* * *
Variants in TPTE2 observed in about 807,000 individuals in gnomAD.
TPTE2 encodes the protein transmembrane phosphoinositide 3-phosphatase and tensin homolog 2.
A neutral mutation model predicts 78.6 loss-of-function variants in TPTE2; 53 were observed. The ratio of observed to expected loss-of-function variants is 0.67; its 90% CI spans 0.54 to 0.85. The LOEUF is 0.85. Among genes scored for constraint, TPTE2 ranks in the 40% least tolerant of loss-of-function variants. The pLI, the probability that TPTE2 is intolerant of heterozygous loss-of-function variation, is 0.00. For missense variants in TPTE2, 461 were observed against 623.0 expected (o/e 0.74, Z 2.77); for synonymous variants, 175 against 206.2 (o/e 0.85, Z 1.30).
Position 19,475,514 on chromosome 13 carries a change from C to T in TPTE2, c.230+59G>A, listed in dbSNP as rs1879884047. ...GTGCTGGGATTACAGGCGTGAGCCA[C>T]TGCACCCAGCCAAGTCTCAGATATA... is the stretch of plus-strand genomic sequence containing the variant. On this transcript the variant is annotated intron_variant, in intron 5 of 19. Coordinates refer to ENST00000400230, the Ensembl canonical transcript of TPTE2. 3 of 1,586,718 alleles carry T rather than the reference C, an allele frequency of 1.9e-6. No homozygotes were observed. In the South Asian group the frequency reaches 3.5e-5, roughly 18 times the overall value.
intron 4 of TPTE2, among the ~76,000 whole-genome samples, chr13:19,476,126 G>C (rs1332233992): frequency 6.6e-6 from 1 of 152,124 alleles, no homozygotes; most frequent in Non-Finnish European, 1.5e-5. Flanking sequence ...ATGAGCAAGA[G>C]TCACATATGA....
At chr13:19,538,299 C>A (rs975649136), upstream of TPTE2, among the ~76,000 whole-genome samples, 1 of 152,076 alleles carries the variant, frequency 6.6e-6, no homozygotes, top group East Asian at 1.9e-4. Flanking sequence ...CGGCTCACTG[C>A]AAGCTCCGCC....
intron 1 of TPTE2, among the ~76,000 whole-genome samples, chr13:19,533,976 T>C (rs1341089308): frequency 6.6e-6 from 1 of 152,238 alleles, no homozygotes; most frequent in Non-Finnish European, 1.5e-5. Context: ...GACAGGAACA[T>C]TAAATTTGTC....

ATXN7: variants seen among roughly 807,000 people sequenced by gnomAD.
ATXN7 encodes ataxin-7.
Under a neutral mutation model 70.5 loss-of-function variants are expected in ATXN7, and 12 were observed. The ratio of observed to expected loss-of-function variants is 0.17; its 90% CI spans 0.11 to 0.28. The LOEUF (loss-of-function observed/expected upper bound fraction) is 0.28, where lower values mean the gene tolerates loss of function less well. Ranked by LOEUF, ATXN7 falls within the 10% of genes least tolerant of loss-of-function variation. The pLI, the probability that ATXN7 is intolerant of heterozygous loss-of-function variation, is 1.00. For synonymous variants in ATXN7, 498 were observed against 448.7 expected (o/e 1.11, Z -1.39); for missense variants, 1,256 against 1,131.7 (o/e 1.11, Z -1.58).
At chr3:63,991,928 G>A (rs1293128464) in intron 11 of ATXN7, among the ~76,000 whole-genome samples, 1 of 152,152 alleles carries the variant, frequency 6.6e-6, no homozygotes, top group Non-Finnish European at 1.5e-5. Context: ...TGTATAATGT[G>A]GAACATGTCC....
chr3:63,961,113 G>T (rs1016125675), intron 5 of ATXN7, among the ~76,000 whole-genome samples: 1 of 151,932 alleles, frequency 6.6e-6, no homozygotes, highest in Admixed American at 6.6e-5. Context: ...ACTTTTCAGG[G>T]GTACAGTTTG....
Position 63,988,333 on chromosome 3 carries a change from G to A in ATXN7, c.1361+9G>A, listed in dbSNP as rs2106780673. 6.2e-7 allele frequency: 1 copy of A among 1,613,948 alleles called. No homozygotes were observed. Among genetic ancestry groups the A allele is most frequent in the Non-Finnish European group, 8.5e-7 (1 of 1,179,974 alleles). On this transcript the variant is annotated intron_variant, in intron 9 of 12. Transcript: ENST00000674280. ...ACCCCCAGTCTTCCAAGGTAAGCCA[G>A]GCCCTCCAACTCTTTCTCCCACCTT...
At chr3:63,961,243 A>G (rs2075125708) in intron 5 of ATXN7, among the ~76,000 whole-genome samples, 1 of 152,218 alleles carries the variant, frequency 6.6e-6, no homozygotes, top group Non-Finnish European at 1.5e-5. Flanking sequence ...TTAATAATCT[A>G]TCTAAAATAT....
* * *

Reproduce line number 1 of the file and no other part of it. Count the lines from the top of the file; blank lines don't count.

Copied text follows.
Variants in TPTE2 observed in about 807,000 individuals in gnomAD.